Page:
Wednesday, March 4, 2009
From the Shelves of the Paco Library
On November 27 in the year 1095, at the Council of Claremont, Pope Urban II preached the First Crusade, calling for an armed pilgrimage to the Holy Land that would turn back the Muslim tide that threatened Constantinople – the largest Christian city in the world – and restore the holy places of the Faith to the protection of the Church. Thus began a series of struggles that would extend over half a millennium, with results that were decidedly mixed, but which produced some of the most heroic (as well as some of the most horrible) episodes of the middle ages.
Professor Thomas F. Madden has described the “numbered” crusades, as well as other crusading efforts in Spain and the Baltic, and later wars with the Ottoman Turks, in an imminently readable and instructive book entitled A Concise History of the Crusades. At 247 pages, it is concise, indeed, but Madden does a superb job at synthesizing and summarizing the enormous body of available information and laying out the political, religious and military context of the crusades.
One aspect of the book that I found particularly appealing is the author’s eschewal of political correctness – the tendency (in this context) of some scholars to apply modern sensibilities to an understanding of the crusading phenomenon. Madden attempts – successfully, in my view – to demonstrate that the crusades represented, not an early example of “western colonialism”, but a defensive effort against a triumphalist Islam that had, in the space of few centuries, conquered more than two-thirds of Christendom. While it is undoubtedly true that many who took up arms did so with their eyes on material gain, this was not the primary motivating factor. “[T]he post-Enlightenment and positivist view of religiosity,” Madden writes, “too often presumed that medieval men and women could not possibly take seriously the pious words they uttered and wrote. For scholars of these schools, religion was not an impetus but a diversion, a ruse for those who spoke of the next world while profiting in this one. Unfortunately, this mistaken view is still dominant in popular works and even in many otherwise fine textbooks.” Modern information technology has had the ironic effect of undermining some of the modern prejudices that cloud our understanding of the crusades. “[W]e now have solid evidence concerning those who took up the church’s call and the factors that motivated them…Only a small minority of that total were knights; nevertheless, it was the knights and barons who brought with them the armies, so their acceptance of the crusading vow was crucial to the success of the crusade. What is clearest in the documentary record is that the vast majority of these knightly crusaders were not spare sons but instead the lords of their estates. It was not those with the least to lose who took up the cross, but rather those with the most.”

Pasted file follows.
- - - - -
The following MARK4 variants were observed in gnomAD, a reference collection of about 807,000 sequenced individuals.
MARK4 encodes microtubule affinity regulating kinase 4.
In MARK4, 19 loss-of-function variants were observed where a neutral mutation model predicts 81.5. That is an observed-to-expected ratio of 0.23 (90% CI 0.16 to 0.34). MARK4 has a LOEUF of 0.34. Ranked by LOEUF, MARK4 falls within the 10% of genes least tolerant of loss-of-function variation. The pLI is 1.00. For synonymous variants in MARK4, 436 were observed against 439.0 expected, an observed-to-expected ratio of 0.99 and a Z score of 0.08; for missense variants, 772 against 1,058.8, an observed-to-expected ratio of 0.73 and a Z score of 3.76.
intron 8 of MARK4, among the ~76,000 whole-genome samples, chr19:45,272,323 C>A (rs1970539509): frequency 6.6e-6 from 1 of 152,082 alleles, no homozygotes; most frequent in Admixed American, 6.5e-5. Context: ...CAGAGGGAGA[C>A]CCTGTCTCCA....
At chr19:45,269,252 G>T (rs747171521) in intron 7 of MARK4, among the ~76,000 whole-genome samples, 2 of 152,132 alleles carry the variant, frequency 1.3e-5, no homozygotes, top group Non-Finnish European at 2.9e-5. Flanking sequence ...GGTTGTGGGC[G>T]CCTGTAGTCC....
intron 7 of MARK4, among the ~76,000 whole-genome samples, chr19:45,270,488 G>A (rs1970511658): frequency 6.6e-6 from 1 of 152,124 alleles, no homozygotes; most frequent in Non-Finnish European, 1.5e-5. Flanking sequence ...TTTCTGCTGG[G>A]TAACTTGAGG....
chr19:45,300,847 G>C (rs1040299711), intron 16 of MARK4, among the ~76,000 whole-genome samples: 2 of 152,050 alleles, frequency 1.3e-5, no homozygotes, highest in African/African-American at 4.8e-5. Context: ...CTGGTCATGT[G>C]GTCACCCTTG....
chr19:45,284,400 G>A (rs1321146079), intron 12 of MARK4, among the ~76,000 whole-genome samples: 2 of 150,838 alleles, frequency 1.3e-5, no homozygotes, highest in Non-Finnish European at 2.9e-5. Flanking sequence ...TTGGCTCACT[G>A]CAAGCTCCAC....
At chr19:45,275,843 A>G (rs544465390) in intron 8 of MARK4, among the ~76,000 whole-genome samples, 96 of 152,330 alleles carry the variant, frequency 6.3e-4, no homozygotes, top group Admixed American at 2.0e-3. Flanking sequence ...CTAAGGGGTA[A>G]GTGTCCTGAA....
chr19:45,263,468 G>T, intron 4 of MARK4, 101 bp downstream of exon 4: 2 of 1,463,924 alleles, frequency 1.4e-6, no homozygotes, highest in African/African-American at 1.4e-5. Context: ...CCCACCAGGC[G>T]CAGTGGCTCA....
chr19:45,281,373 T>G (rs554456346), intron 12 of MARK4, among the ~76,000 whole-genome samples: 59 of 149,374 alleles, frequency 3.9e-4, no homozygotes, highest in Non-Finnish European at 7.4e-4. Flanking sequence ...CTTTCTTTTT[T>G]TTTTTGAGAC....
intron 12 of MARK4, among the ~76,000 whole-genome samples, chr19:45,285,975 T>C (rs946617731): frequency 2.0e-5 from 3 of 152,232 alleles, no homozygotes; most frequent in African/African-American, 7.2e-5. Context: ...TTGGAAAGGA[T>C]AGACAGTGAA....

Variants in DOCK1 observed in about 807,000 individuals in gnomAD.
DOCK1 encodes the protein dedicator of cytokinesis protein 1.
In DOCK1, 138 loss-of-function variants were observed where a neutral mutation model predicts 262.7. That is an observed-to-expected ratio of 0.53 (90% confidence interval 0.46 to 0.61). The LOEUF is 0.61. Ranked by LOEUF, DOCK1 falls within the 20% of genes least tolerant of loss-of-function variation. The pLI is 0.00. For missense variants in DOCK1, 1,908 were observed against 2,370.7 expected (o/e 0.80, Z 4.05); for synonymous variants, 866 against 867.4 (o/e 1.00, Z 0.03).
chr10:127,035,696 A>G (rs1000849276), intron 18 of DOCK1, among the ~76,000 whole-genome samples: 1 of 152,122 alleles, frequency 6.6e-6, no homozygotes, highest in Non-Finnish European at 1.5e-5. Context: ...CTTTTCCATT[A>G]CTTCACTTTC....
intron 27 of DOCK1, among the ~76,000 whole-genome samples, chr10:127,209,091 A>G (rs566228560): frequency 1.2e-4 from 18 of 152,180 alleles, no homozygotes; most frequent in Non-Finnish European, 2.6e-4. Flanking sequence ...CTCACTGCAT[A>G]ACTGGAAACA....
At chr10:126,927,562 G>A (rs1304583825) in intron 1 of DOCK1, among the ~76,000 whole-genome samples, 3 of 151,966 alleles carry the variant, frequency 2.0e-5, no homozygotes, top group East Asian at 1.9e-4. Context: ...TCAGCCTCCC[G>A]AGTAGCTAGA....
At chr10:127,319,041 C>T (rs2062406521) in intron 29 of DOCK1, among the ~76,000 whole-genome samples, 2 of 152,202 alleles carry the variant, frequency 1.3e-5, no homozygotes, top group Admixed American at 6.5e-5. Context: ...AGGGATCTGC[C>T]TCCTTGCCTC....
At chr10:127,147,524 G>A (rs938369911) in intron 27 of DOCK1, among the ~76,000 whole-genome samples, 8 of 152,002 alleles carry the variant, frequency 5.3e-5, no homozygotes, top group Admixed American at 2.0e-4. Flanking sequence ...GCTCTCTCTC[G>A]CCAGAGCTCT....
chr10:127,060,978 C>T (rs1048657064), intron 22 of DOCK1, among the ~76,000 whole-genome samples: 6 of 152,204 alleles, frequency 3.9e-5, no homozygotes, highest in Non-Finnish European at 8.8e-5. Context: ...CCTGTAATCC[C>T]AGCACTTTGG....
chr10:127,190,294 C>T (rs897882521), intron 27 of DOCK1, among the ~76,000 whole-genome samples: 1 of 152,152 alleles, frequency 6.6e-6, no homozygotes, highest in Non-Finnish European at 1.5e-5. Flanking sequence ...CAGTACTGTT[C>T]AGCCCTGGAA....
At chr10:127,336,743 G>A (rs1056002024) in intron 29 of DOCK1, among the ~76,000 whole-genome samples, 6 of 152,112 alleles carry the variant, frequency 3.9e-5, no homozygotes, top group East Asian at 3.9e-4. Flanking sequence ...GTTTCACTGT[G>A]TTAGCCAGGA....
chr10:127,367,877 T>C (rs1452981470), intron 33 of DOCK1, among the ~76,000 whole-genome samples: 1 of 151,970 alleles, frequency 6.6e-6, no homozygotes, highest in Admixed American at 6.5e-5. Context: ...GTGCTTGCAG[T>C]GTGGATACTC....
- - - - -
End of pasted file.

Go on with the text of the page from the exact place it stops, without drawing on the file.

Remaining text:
In this short history you will encounter practically all of the major participants in the crusades: Count Bohemond, Godfrey of Bouillon, Richard Lionheart, Saladin, and the ferocious Mamluk Sultan, Baybars (just to name the merest few). Madden also discusses the rise of the military orders, the “warrior monks” who formed the leadership and ranks of the Templars, the Hospitallers and the Teutonic Knights.
Were the crusades successful? There are those who point to the destruction of the crusader states in the late 13th century as proof positive that the long struggle was, in the end, futile. Madden, however, sees it differently. “There can be little doubt that the crusades slowed the advance of Islam, although how much is an open question. The presence of the crusader states in the Near East for almost two centuries certainly destabilized Muslim power and therefore hindered unification into a single Islamic state. Even the crusades that failed or did not materialize forced Muslim powers to divert resources from conquest to their own defense. At the very least, then, the crusades bought western Europe time. Judging by the number of occasions on which it narrowly escaped Turkish invasion in the fifteenth and sixteenth centuries, Europe had need of that time.”
This is a fine introduction to a momentous period of history, and I highly recommend it.